By the pigeonhole principle, infinitely many of them are in the same residue class mod $p$, and their pairwise differences are of the form $11...10..0$ Since $p$ is coprime to $10$, $p$ must divide the initial string of $1$'s.


Here's some relatively challenging problems, where the 'pigeonhole part' isn't always immediately obvious.

Show that for any $x\in\mathbb{Z}^+ $, there exists a Fibonacci Number that is divisible by $x$. (It may be helpful to consider a few cases first, such as $10^{10}$, then to generalize the proof. This is also a generalisation of Sim000's 3rd problem.)

There are $n$ distinct positive integers $a_1,a_2,\dots, a_n$ For any seqeuence $b_1,b_2,\dots, b_n$, where $b_i\in \{-1,0,1\}$ for $1\leq i\leq n$ and the terms are not all zero, $n^3\nmid a_1b_1+a_2b_2+\dots + a_nb_n$. Find the maximum possible value of $n$.

A student, who has $11$ weeks to prepare for an upcoming Olympiad, decides to sit one practice exam every day. However, due to time constraints, the student cannot sit more than $12$ practice exams in any $7$-day period. Prove that there are consecutive days during which the student sits exactly 21 practice exams.

The prime factorisations of $n+1$ positive integers $x_1,x_2,\dots, x_{n+1}$ only involve $n$ primes $p_1,\dots, p_n$. Prove that there exists a nonempty subset of $\{x_1,\dots, x_{n+1}\}$ whose elements multiply to a perfect square.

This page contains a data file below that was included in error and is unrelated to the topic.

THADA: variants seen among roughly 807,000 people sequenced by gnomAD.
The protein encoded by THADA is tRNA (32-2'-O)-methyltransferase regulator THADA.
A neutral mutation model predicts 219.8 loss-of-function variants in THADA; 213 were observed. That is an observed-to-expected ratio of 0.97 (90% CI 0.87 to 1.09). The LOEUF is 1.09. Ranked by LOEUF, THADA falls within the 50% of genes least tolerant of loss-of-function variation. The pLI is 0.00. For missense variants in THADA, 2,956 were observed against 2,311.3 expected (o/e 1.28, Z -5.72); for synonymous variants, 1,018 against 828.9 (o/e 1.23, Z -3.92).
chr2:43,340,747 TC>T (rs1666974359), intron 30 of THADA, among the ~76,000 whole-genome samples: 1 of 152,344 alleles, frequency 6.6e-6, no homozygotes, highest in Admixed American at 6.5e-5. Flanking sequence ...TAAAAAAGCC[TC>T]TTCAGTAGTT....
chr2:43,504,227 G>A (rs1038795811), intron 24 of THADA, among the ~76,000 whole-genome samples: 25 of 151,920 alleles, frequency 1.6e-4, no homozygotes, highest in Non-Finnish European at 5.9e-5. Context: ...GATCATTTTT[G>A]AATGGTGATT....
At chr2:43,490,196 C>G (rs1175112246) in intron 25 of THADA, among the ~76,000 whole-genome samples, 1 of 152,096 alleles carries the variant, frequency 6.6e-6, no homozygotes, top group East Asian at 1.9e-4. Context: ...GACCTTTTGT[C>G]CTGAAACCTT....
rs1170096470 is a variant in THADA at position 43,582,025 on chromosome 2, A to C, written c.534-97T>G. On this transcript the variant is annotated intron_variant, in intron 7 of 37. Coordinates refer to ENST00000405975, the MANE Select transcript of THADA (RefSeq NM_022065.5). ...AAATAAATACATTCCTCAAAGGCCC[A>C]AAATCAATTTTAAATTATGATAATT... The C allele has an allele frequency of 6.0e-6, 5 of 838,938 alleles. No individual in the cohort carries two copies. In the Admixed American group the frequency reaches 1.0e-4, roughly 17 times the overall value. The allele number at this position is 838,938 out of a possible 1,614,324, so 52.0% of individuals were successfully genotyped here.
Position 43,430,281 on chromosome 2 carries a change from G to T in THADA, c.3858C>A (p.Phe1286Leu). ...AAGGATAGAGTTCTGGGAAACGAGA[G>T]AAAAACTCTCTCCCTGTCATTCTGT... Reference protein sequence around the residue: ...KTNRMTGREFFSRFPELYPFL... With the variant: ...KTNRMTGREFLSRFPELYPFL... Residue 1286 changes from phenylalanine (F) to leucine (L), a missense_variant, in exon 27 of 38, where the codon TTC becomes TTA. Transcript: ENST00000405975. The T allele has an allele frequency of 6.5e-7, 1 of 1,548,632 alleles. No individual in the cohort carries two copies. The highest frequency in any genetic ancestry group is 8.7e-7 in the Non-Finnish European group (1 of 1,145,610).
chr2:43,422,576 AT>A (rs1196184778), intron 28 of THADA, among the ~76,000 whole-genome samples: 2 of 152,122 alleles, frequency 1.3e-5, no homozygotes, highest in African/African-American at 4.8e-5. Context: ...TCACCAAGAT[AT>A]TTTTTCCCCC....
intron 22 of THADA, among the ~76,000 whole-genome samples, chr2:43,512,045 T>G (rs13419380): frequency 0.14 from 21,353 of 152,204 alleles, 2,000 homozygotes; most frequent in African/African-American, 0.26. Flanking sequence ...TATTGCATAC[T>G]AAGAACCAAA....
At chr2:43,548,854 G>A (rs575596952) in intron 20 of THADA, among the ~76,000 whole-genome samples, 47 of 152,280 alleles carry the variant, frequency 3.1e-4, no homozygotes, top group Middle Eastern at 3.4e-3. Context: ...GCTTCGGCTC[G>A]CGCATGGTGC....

Suppose real numbers $x_1,\dots, x_n$ satisfy $\sum x_i^2=1$. Prove for integers $k\geq 2$, there exists integers $y_1,\dots, y_n$ not all zero such that $|y_i|\leq k-1$ for $1\leq i\leq n$ and $$\Biggl |\sum x_iy_i\Biggl| \leq \frac{\sqrt{n}(k-1)}{k^n-1}$$


There is a series of 3 articles on conception, identification and application of Pigeon-hole Principle See here.
The first article discusses about $k-to-1$ functions and next articles build upon it.
There is an interesting problem about finding minimum number of devotees in a temple, just by seeing the number of footwears outside the entrance.

Please note, I am the author of the blog.


The following problem is stated in Proofs from THE BOOK:

Paul Erdős attributes the following nice application of the pigeon-hole principle to Andre Vázsonyi and Marta Sved:

  • Claim. Suppose we are given $n$ integers $a_1,\ldots, a_n$, which need not be distinct. Then there is always a set of consecutive numbers $a_{k+1},a_{k+2},\ldots,a_l$ whose sum $\sum_{i=k+1}^la_i$ is a multiple of $n$.
  • 2
    $\begingroup$ This book is a great source of mathemtical beuty and attraction !! There are some great discussions in this book (in many branchs of mathematics) that I think can attract anyone! $\endgroup$
    – Cna Mrz
    Mar 22, 2019 at 15:47

There are great applications of pigeonhole principle (PHP) in some olympiad problems and some theorems, both in finite and infinite structures. I'll mention three of them here and some hints about solutions. Hope you'll find them useful:

1-Given five lattice points on the plane, we connect any two of them by drawing a line between them. so we draw 10 lines, between these points. Prove that there exist another lattice point on at least one of these lines.(By "lattice point" I mean points of the plane with integer coordinates)

(Hint: integer coordinates can be odd or even, and you are given 5 points! now look at the middle of lines.)

2- for any positive integer n, prove that there exist a multiple of n which its presentation in base 10 has only 0 and 1.

(Hint : consider a sequence 1,11,111,1111,... . look at this sequence modulo n and by PHP find the solution in the form of x-y where x and y are in this sequence.)

3- for any positive integer n, prove there exist a Fibonacci number divisible by $10^n$.

(Hint : again look at the sequence of fibonacci numbers modulo $10^n$ and try to prove that this sequence is a periodic sequence.)